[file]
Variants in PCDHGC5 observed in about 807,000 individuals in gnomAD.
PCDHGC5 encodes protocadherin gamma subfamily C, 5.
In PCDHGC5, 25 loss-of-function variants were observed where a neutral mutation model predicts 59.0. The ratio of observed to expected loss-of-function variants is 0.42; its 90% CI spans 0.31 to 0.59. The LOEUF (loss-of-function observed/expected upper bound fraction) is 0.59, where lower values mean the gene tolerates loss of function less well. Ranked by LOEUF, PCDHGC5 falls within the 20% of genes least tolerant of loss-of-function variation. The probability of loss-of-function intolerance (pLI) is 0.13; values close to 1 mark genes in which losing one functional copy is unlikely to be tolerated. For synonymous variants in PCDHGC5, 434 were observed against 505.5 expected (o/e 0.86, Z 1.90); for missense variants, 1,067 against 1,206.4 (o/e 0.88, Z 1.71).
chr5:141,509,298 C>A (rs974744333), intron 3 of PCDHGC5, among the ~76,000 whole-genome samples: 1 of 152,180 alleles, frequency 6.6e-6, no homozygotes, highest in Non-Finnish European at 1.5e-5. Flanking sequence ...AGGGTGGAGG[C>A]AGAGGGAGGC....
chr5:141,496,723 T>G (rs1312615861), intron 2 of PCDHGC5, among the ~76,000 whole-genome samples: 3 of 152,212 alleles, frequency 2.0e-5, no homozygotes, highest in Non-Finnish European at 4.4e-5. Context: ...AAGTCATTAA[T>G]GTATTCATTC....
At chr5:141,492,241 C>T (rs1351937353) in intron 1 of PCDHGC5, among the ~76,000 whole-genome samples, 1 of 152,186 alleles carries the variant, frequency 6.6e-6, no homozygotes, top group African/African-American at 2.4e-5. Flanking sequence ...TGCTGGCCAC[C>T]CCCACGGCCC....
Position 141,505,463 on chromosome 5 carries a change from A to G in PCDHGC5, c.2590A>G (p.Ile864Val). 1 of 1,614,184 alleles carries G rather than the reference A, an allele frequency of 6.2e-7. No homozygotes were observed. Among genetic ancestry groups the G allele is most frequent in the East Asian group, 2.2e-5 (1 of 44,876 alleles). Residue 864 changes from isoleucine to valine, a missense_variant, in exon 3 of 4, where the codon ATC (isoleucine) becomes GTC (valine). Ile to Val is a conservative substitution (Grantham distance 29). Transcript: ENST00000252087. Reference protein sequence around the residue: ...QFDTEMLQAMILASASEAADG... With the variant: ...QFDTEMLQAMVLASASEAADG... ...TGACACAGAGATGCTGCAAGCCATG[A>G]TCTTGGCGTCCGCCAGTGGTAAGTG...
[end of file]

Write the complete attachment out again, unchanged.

Variants in PCDHGC5 observed in about 807,000 individuals in gnomAD.
PCDHGC5 encodes protocadherin gamma subfamily C, 5.
In PCDHGC5, 25 loss-of-function variants were observed where a neutral mutation model predicts 59.0. The ratio of observed to expected loss-of-function variants is 0.42; its 90% CI spans 0.31 to 0.59. The LOEUF (loss-of-function observed/expected upper bound fraction) is 0.59, where lower values mean the gene tolerates loss of function less well. Ranked by LOEUF, PCDHGC5 falls within the 20% of genes least tolerant of loss-of-function variation. The probability of loss-of-function intolerance (pLI) is 0.13; values close to 1 mark genes in which losing one functional copy is unlikely to be tolerated. For synonymous variants in PCDHGC5, 434 were observed against 505.5 expected (o/e 0.86, Z 1.90); for missense variants, 1,067 against 1,206.4 (o/e 0.88, Z 1.71).
chr5:141,509,298 C>A (rs974744333), intron 3 of PCDHGC5, among the ~76,000 whole-genome samples: 1 of 152,180 alleles, frequency 6.6e-6, no homozygotes, highest in Non-Finnish European at 1.5e-5. Flanking sequence ...AGGGTGGAGG[C>A]AGAGGGAGGC....
chr5:141,496,723 T>G (rs1312615861), intron 2 of PCDHGC5, among the ~76,000 whole-genome samples: 3 of 152,212 alleles, frequency 2.0e-5, no homozygotes, highest in Non-Finnish European at 4.4e-5. Context: ...AAGTCATTAA[T>G]GTATTCATTC....
At chr5:141,492,241 C>T (rs1351937353) in intron 1 of PCDHGC5, among the ~76,000 whole-genome samples, 1 of 152,186 alleles carries the variant, frequency 6.6e-6, no homozygotes, top group African/African-American at 2.4e-5. Flanking sequence ...TGCTGGCCAC[C>T]CCCACGGCCC....
Position 141,505,463 on chromosome 5 carries a change from A to G in PCDHGC5, c.2590A>G (p.Ile864Val). 1 of 1,614,184 alleles carries G rather than the reference A, an allele frequency of 6.2e-7. No homozygotes were observed. Among genetic ancestry groups the G allele is most frequent in the East Asian group, 2.2e-5 (1 of 44,876 alleles). Residue 864 changes from isoleucine to valine, a missense_variant, in exon 3 of 4, where the codon ATC (isoleucine) becomes GTC (valine). Ile to Val is a conservative substitution (Grantham distance 29). Transcript: ENST00000252087. Reference protein sequence around the residue: ...QFDTEMLQAMILASASEAADG... With the variant: ...QFDTEMLQAMVLASASEAADG... ...TGACACAGAGATGCTGCAAGCCATG[A>G]TCTTGGCGTCCGCCAGTGGTAAGTG...